LogEyed Roman

LogEyed Roman said...

Ooops, I meant "Franklin." Not the "Franlin" of Formeor. Little typo there.

LogEyed Roman

Barb said...

So you have all the noise down there...tehehe...(and I don't mean your schola!)
I would like to hear your schola...perhaps someday we will make our way there and get up on a Sunday morning for 7:30 Mass...
A blessed day to you...

Amber said...

That's great that you'll have an opportunity to spread the word a bit more. That's one thing that I think parishes could do better - give people a better idea of what is happening at other masses, especially if they aren't all pretty much the same. I would never have found the wonderful Mass I've been attending if I hadn't just stumbled into it, and I wonder how many other people in my parish would be interested in it if they only knew about it.

Bernard Brandt said...

Dear Mrs. Darwin:

I must probably plead guilty to being the "Franklin" described by LogEyed Roman. Alas, I most probably have neither the skill at choir directing nor aptitude at Spanish to which he most generously gives me credit.

Nonetheless, I can think of two resources which would perhaps be of help to you.

The first is "Conducting a Choir" by Imogen Holst. The author was the daughter of the English composer, Gustav Holst, and had been for many years the director of one of the finest amateur choirs in the England of her time. This book has some of the best and simplest directions and advice as regards learning music, learning directing, and teaching/directing a choir that I have ever found. I cannot recommend it more highly.

The second bit of advice would be to use BabelFish (http://babelfish.altavista.com/tr) to do a rough translation, which you then show to a spanish speaker who would be happy (after he or she finished cringing) to correct the errors and give you a readable text. I've already taken the liberty of doing just that, as follows:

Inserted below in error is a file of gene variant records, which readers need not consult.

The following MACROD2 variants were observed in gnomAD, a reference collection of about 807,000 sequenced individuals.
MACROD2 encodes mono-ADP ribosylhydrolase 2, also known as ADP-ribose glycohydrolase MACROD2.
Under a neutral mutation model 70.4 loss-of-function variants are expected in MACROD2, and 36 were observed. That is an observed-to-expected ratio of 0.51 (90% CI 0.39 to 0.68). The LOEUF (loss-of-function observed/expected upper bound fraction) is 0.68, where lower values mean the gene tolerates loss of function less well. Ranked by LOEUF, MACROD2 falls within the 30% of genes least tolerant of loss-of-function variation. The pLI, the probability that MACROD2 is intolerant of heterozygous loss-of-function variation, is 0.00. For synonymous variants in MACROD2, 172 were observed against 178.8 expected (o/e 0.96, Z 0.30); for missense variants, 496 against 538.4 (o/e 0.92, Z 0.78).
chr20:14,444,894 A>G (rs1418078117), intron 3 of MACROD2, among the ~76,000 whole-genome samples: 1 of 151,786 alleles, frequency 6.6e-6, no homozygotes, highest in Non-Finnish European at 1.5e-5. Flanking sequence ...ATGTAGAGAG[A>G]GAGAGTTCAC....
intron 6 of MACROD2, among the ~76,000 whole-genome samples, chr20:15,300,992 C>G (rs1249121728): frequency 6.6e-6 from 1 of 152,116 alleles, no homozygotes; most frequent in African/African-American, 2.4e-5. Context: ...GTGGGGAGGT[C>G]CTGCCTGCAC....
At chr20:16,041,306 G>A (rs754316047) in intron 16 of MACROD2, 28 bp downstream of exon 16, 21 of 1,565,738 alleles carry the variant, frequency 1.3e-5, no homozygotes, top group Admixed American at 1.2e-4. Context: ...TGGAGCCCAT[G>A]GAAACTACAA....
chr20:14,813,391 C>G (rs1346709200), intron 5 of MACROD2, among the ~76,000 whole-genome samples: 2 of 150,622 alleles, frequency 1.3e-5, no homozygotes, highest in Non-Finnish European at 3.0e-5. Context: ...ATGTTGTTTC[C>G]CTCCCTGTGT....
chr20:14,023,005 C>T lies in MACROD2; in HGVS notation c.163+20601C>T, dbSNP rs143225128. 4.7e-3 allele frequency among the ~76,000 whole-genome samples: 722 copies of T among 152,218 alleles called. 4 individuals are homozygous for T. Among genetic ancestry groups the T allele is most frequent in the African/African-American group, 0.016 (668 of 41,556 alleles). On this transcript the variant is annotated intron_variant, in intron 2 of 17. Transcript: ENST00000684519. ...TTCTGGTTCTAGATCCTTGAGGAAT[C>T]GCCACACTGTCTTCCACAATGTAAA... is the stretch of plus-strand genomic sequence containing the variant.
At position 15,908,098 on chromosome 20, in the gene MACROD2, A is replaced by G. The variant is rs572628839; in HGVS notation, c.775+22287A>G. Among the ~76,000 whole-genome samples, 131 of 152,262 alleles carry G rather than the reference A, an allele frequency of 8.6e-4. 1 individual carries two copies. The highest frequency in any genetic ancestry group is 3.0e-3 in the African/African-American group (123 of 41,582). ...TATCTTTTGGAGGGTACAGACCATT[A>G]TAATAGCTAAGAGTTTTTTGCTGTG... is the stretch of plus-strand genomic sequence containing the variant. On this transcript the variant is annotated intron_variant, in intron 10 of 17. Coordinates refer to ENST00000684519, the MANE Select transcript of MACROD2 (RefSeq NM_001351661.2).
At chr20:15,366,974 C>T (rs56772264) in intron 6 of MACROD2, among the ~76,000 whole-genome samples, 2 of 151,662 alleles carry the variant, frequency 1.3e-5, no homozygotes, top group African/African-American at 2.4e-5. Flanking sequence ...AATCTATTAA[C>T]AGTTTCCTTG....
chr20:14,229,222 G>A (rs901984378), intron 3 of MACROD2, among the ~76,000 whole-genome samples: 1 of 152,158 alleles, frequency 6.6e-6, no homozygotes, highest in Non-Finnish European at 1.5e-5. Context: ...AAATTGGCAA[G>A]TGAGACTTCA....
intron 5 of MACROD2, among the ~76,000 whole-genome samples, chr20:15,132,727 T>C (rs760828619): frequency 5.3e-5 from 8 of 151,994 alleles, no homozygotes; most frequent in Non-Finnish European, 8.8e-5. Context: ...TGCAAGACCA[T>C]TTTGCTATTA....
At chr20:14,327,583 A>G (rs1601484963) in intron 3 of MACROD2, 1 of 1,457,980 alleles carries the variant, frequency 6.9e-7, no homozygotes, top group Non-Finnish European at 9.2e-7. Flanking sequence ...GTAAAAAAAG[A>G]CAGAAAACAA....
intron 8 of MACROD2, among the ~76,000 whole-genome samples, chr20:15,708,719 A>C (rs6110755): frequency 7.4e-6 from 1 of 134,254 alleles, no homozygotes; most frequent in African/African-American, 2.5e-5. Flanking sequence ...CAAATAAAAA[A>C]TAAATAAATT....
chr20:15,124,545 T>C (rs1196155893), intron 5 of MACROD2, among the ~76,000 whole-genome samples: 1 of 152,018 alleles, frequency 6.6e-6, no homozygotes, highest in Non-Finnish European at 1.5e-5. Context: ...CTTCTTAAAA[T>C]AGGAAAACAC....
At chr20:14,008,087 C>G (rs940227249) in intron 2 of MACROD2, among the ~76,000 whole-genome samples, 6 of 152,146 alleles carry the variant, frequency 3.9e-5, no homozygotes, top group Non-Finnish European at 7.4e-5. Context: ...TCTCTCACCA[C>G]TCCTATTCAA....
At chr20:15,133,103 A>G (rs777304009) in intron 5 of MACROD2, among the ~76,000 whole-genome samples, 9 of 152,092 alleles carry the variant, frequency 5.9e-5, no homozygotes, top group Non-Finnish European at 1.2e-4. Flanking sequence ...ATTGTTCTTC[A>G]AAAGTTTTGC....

"El Schola Cantorum en St. Elizabeth se dedica a ayudar a nuestra parroquia vuelve a descubrir la belleza de gregoriano canta y polyphony sagrado dentro de la liturgia. Animado por el deseo de papa Benedict para un énfasis renovado en gregoriano cante, nos esforzamos crear un nuevo aprecio para esta música eterna con un énfasis en la belleza del tono y de la excelencia técnica.

"El Schola canta actualmente la masa de 7:30 el tercer domingo de cada mes, tan bien como en los acontecimientos de la parroquia tales como estaciones de la cruz durante prestado y el festival de lecciones y de carols en advenimiento."

Hoping that this might be of some help to you, I am

Very truly yours,

Bernard Brandt, Fr.F.

Anonymous said...

Mrs. Darwin: The preceeding commenter is indeed the "Franklin" I have accused him to be. He is also modest. Don't believe him. I can believe that his Spanish is perhaps not fluent, but though he may be an amateur, self-taught choir director, he's a good one.

LogEyed Roman

mrsdarwin said...

Thank you, Roman and Bernard. I'll start looking for Imogen Holst's book. And there's an interesting bit of choir coincidence there -- Gustav Holst is the composer of my favorite hymn tune, THAXTED, otherwise known as Jupiter from The Planets.